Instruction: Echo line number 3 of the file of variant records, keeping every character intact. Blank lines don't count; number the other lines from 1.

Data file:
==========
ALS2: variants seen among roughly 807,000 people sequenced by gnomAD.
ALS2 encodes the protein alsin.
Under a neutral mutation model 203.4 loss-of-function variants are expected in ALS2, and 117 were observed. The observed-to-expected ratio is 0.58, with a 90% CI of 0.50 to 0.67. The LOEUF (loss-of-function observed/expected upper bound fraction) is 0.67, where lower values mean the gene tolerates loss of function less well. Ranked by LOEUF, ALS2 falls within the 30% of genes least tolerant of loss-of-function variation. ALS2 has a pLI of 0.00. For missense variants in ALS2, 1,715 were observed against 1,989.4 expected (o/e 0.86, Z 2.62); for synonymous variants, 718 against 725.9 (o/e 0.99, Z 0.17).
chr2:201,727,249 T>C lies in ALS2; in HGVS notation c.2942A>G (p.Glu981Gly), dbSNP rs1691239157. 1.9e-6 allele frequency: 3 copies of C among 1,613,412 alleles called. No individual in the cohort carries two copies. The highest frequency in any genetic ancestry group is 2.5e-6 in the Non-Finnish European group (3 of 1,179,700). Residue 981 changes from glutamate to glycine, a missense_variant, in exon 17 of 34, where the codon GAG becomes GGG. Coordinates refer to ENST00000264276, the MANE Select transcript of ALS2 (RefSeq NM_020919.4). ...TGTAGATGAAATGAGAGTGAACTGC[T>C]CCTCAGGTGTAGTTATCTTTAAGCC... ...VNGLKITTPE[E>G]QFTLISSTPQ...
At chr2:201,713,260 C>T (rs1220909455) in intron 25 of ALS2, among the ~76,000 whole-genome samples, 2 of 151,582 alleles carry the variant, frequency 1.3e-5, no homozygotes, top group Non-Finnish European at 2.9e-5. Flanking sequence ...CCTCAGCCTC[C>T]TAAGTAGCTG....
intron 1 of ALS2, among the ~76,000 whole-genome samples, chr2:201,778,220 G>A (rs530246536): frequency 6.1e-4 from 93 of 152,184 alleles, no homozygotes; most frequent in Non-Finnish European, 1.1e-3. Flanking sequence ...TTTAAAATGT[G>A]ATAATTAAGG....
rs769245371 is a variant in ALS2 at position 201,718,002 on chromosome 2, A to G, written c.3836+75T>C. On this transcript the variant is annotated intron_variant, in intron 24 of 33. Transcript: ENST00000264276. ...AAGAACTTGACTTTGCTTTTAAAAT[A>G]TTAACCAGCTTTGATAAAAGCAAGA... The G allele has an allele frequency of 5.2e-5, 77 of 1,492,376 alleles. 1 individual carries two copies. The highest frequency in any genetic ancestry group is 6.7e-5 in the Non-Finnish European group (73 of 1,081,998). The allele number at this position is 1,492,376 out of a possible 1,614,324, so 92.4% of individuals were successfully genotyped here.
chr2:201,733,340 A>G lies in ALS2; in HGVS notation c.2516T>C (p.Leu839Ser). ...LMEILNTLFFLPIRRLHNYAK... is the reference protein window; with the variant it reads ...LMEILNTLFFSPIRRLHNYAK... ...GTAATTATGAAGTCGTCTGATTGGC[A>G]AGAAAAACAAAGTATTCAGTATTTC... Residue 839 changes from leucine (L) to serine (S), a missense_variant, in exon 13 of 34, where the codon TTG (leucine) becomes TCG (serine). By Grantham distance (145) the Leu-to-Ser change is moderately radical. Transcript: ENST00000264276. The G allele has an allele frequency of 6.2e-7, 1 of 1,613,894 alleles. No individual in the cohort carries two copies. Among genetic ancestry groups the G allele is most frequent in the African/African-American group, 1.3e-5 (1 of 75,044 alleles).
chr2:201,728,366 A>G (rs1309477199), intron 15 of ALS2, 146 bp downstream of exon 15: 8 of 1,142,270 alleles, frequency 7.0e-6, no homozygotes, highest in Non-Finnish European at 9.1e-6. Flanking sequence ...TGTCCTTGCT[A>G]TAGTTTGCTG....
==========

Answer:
Under a neutral mutation model 203.4 loss-of-function variants are expected in ALS2, and 117 were observed. The observed-to-expected ratio is 0.58, with a 90% CI of 0.50 to 0.67. The LOEUF (loss-of-function observed/expected upper bound fraction) is 0.67, where lower values mean the gene tolerates loss of function less well. Ranked by LOEUF, ALS2 falls within the 30% of genes least tolerant of loss-of-function variation. ALS2 has a pLI of 0.00. For missense variants in ALS2, 1,715 were observed against 1,989.4 expected (o/e 0.86, Z 2.62); for synonymous variants, 718 against 725.9 (o/e 0.99, Z 0.17).